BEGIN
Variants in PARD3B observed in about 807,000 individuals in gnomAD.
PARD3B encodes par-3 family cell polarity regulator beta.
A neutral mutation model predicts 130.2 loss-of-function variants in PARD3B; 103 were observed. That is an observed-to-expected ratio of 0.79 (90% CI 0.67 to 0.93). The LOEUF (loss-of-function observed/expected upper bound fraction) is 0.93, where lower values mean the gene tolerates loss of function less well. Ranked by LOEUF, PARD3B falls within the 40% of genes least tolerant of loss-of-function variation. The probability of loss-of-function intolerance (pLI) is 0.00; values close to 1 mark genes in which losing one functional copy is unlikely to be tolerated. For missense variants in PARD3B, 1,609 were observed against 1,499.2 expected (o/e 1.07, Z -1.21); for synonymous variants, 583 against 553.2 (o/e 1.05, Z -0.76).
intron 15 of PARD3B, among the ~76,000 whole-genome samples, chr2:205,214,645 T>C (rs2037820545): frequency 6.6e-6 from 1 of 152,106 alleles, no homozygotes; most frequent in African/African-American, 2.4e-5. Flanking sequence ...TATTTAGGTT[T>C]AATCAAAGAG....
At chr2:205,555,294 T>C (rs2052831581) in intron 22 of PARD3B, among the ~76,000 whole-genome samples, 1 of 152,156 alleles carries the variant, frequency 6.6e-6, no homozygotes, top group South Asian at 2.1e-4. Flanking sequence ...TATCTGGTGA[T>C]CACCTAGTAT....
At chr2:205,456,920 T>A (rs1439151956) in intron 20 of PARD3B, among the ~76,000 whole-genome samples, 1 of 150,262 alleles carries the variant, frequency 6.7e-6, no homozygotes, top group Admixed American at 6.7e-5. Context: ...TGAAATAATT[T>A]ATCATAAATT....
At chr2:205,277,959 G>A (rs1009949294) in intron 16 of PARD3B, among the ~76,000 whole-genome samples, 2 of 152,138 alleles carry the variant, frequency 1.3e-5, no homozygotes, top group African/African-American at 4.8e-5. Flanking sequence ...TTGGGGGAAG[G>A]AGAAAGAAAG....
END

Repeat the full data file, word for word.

Variants in PARD3B observed in about 807,000 individuals in gnomAD.
PARD3B encodes par-3 family cell polarity regulator beta.
A neutral mutation model predicts 130.2 loss-of-function variants in PARD3B; 103 were observed. That is an observed-to-expected ratio of 0.79 (90% CI 0.67 to 0.93). The LOEUF (loss-of-function observed/expected upper bound fraction) is 0.93, where lower values mean the gene tolerates loss of function less well. Ranked by LOEUF, PARD3B falls within the 40% of genes least tolerant of loss-of-function variation. The probability of loss-of-function intolerance (pLI) is 0.00; values close to 1 mark genes in which losing one functional copy is unlikely to be tolerated. For missense variants in PARD3B, 1,609 were observed against 1,499.2 expected (o/e 1.07, Z -1.21); for synonymous variants, 583 against 553.2 (o/e 1.05, Z -0.76).
intron 15 of PARD3B, among the ~76,000 whole-genome samples, chr2:205,214,645 T>C (rs2037820545): frequency 6.6e-6 from 1 of 152,106 alleles, no homozygotes; most frequent in African/African-American, 2.4e-5. Flanking sequence ...TATTTAGGTT[T>C]AATCAAAGAG....
At chr2:205,555,294 T>C (rs2052831581) in intron 22 of PARD3B, among the ~76,000 whole-genome samples, 1 of 152,156 alleles carries the variant, frequency 6.6e-6, no homozygotes, top group South Asian at 2.1e-4. Flanking sequence ...TATCTGGTGA[T>C]CACCTAGTAT....
At chr2:205,456,920 T>A (rs1439151956) in intron 20 of PARD3B, among the ~76,000 whole-genome samples, 1 of 150,262 alleles carries the variant, frequency 6.7e-6, no homozygotes, top group Admixed American at 6.7e-5. Context: ...TGAAATAATT[T>A]ATCATAAATT....
At chr2:205,277,959 G>A (rs1009949294) in intron 16 of PARD3B, among the ~76,000 whole-genome samples, 2 of 152,138 alleles carry the variant, frequency 1.3e-5, no homozygotes, top group African/African-American at 4.8e-5. Flanking sequence ...TTGGGGGAAG[G>A]AGAAAGAAAG....